Posted on Friday, August 20th, 2010 by Adam Quigley
It may have taken a few years, but DreamWorks Animation has finally started to step up its game, even nearing (or arguably equaling) Pixar quality with films like Kung Fu Panda and How to Train Your Dragon. But it will probably be some time yet before they maintain any consistency in that output, assuming (perhaps naively) that they ever do. For every How to Train Your Dragon, a Shrek Forever After or a Megamind remind us that the studio will still happily produce forgettable, gag-oriented throwaway films to appease the kiddies.
The question is: Which camp will their latest announced project fall into?
Find out all there is to know about the film after the break.
Risky Business is reporting that DreamWorks Animation has already found writers for its next feature idea, which is intended to be a spin on the familiar ‘imaginary friend’ concept. Instead of being told from the point of view of the kids, the film will adopt the POV of the not-so-imaginary friends, who have grown fed up with being the scapegoats for kids who refuse to own up to their mistakes. Years later, when the kids are all grown up, the imaginary friends return to exact mischievous revenge. (The article doesn’t say anything about the revenge being mischievous, but how could it possibly not be?)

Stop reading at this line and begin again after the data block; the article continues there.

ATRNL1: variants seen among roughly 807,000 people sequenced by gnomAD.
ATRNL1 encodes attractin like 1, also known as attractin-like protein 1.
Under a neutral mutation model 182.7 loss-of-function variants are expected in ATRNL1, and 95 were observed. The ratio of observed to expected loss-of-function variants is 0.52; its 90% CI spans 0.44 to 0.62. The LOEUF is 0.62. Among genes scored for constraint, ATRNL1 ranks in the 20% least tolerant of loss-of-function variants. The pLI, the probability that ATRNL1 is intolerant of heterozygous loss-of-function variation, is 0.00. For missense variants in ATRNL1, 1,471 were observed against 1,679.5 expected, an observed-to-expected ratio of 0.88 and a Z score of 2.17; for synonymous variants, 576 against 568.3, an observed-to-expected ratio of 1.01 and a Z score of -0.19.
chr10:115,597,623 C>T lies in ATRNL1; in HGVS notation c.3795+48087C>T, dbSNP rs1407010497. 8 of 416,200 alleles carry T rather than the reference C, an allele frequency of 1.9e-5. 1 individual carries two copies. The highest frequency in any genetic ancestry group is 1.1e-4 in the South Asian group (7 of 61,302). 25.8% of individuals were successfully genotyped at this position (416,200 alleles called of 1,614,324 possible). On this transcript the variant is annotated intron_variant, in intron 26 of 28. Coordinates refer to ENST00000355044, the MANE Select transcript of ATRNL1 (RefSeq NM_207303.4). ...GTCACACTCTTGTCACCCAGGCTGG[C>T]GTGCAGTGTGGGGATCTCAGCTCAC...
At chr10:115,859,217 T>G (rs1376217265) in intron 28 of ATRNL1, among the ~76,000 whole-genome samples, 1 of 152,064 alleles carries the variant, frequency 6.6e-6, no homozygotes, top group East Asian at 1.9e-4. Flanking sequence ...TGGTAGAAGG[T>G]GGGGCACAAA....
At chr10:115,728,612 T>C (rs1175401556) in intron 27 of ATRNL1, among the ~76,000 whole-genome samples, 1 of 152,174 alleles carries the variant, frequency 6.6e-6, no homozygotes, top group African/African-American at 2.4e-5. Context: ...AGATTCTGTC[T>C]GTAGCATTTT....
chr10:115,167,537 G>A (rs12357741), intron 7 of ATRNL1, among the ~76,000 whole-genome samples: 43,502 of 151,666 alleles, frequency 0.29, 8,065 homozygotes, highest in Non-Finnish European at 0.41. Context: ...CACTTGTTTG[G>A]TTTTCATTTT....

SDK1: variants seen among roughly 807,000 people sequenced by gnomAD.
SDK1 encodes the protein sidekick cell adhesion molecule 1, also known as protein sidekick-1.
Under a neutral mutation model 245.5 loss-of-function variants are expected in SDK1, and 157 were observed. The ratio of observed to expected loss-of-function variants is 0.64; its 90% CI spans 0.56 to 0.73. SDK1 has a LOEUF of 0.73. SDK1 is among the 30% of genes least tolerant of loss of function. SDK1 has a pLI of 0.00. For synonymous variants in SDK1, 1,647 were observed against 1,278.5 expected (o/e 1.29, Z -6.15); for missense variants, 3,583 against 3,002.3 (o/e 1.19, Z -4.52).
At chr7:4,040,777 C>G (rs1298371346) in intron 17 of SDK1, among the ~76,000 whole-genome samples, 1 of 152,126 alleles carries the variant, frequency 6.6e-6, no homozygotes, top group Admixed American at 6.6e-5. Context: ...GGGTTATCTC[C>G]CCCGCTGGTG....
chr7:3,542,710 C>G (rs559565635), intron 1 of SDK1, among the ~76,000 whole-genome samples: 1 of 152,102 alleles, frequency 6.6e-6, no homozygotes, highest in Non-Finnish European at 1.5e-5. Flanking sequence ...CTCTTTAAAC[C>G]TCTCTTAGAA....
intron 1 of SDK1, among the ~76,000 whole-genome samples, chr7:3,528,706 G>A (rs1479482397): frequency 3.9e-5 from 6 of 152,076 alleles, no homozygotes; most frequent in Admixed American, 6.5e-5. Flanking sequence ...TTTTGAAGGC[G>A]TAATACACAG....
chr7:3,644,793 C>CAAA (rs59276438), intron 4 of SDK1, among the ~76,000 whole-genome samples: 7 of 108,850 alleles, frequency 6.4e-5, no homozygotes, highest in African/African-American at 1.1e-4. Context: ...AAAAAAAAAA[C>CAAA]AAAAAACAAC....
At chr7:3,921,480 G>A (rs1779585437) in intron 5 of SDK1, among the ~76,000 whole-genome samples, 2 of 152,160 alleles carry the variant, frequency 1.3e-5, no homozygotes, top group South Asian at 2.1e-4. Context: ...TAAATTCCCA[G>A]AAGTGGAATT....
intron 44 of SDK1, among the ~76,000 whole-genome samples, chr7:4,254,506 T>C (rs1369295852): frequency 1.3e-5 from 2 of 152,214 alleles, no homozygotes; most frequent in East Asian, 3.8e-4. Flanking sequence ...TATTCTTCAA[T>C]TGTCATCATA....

The writing team hired to script the film, which has the working title Imaginary Enemies, are married couple Joe Syracuse and Lisa Addario, the same duo responsible for developing the script for the perfectly enjoyable (if not especially memorable) Surf’s Up. DreamWorks Animation consultant Mike Mitchell—the director behind the hugely underrated parodic superhero flick Sky High, but also the director of Deuce Bigalow: Male Gigolo, Surviving Christmas and Shrek Forever After—is aiding the writers in developing the idea, though he’s not currently signed on to direct.
Due to the nature of the film, which will operate in two different planes of existence (the imaginary world and the real world), enthusiasm has been expressed in potentially making the film a live-action/animation hybrid, a format that the studio has yet to attempt.
The blending of live-action and animation would make this project more akin to something like Who Framed Roger Rabbit, but right now the premise brings to mind Monsters, Inc., which was another film to take a well-known fantastical kiddy trope (monsters hiding in your closet) and spin it into something entirely its own. The trick for Pixar was to find a way to transform that basic concept into a fully realized, believable world, and then build a story within that world. Is DreamWorks capable of doing the same? Most certainly, but that’s a different question than “Will they?”, of which I’m not so sure. Already the premise sounds like it’s built more around gag potential than story potential, but that could just be me fearing the worst of DreamWorks. Until we know more, it’s probably too soon to speculate.Cool Posts From Around the Web: